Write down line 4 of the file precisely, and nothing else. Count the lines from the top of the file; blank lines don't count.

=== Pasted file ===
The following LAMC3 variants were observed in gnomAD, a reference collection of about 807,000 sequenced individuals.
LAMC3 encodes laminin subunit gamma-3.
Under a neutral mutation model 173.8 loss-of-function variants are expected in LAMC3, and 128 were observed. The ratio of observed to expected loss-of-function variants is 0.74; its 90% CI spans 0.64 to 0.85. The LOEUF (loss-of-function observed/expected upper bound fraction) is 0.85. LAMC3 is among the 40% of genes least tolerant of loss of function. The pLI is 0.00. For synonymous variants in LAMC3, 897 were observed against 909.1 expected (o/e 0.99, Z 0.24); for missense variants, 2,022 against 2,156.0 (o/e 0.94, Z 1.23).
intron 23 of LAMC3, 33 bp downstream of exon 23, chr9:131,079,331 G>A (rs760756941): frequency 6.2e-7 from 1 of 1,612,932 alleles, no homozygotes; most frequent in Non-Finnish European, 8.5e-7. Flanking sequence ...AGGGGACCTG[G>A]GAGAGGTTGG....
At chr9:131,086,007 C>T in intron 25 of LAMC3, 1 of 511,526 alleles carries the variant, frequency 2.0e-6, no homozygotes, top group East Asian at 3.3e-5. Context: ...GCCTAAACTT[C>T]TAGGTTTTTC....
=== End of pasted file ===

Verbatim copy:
intron 23 of LAMC3, 33 bp downstream of exon 23, chr9:131,079,331 G>A (rs760756941): frequency 6.2e-7 from 1 of 1,612,932 alleles, no homozygotes; most frequent in Non-Finnish European, 8.5e-7. Flanking sequence ...AGGGGACCTG[G>A]GAGAGGTTGG....